On the afternoon of 22 October the first coordinated "big plane" raid was staged, in conjunction with 30 Italian planes from Venice. NAS Porto Corsini sent three Ma.8s, two FBAs (one piloted by Ensign Tinkham), and eight Ma.5s, out of a total of 16 operational aircraft. Enemy defenses were ineffective and the damage to the targets was considerable.

The last mission flown was an armed reconnaissance by four Ma.5s over Pola on 2 November to ascertain the damage inflicted by an Italian limpet mines attack the previous day. These pilots were the first to report the sinking of the dreadnought SMS Viribus Unitis.

Although NAS Porto Corsini suffered no casualties directly due to enemy action, there were unfortunately four deaths from accidents. On 11 August, James L. Goggins, landsman for quartermaster, USN(RF), crashed a Ma.5 and was instantly killed. On 15 September, while testing a new radio, Ensign Louis J. Bergen, USN(RF), and Gunner (R) Thomas L. Murphy, USN(RF), crash-landed in an Ma.8 and died in the hospital at Ravenna shortly afterward from their injuries. George B. Killeen, coppersmith, USN(RF), died on 18 September as a result of burns received in a gas torch explosion.

Maachi Ma.8 with Ground and Air Crews 

Considering that the NAS was always seriously handicapped by a lack of planes and the spare parts and tools necessary to repair them, the results accomplished were altogether commendable and praiseworthy. The planes which had been promised by the Italian authorities were delivered only in small and insufficient quantities, owing to delays in production and the more urgent need of their own stations elsewhere. Twenty-one was the greatest number of flyable aircraft ever available at NAS Porto Corsini at the same time and with the machines available a total of 745 flights were made during active war operations. Five aircraft were lost: three Ma.5s, one Ma.8 and one FBA.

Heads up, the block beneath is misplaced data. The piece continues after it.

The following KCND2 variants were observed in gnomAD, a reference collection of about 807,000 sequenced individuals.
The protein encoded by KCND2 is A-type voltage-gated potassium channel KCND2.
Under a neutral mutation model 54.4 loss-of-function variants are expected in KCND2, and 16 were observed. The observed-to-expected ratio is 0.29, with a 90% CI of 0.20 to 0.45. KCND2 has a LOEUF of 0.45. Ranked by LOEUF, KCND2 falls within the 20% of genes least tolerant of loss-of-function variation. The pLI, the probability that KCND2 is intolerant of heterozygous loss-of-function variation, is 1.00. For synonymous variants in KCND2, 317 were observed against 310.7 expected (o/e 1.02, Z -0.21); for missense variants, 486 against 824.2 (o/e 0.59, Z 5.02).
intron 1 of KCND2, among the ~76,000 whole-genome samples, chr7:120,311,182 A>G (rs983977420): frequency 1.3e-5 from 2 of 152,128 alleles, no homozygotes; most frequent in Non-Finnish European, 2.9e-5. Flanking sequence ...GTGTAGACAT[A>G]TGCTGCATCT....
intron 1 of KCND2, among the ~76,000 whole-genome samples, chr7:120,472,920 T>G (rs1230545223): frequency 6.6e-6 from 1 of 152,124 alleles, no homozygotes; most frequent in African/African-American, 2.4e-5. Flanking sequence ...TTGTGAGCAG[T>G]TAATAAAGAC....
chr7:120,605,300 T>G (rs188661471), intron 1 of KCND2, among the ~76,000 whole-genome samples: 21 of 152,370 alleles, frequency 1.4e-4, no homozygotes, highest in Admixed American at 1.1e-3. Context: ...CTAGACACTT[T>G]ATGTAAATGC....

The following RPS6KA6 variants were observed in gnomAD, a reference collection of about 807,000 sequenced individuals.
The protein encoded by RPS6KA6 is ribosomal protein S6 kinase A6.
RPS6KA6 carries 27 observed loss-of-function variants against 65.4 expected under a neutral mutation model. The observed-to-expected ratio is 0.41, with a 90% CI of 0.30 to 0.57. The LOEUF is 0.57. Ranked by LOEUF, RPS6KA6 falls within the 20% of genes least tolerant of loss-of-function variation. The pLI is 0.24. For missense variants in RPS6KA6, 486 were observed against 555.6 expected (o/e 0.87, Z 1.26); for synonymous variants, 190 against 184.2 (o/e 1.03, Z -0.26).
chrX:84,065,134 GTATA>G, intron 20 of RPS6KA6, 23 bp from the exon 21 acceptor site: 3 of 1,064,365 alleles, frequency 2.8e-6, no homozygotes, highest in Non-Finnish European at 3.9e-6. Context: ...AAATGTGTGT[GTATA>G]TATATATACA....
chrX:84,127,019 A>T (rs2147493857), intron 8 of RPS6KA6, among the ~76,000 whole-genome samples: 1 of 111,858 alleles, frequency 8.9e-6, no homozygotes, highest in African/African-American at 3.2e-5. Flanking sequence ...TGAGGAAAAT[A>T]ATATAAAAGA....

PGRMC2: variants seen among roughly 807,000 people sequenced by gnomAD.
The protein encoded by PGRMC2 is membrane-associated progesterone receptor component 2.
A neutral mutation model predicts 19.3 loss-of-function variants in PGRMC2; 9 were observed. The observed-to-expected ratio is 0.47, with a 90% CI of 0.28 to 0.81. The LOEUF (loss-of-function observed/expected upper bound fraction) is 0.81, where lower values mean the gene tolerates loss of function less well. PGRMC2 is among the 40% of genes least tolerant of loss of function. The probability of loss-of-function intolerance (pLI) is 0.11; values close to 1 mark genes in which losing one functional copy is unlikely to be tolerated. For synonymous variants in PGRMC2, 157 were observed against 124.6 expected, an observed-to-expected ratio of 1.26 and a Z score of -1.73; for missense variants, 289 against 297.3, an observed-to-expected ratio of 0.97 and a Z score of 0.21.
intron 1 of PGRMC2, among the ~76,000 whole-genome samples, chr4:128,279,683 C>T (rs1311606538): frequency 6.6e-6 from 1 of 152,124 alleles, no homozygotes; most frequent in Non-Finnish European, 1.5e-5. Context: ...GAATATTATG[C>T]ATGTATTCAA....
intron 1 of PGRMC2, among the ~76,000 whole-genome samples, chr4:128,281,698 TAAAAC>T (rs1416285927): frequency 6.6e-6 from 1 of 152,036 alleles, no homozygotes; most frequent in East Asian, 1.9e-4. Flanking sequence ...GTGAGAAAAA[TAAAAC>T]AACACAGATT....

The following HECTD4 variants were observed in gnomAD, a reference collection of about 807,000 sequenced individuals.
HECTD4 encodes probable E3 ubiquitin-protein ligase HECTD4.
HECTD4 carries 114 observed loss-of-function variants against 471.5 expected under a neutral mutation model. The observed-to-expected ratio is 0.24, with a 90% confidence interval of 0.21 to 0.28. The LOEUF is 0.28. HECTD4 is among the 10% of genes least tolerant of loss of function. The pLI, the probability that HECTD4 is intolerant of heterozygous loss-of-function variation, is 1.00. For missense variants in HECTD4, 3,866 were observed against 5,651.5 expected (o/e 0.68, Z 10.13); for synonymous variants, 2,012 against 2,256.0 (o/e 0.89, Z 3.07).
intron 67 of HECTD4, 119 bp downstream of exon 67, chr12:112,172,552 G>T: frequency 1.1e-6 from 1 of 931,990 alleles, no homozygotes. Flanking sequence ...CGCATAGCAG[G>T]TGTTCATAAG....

Admiral H.T. Mayo, commander of the Atlantic Fleet, stated on 10 November 1918 that NAS Porto Corsini had "the distinction of being the most heavily engaged unit of the U.S. Naval Forces in Europe."

The Chronicle of Edward Tinkham's war service will be continued in Roads to the Great War.  Jim Patton's earlier installments of  Edward's adventure can be read here:

Part I: With the American Field Service

Part II: With TMU 526, of the AFS and the Rèservé Mallet

Part III: Difficult times in the Camion Service

Part IV: Training to be a Navy Pilot

Sources: Cornell University, American Field Service, U.S. Navy Naval History and Heritage Command, Willis Haviland Lamm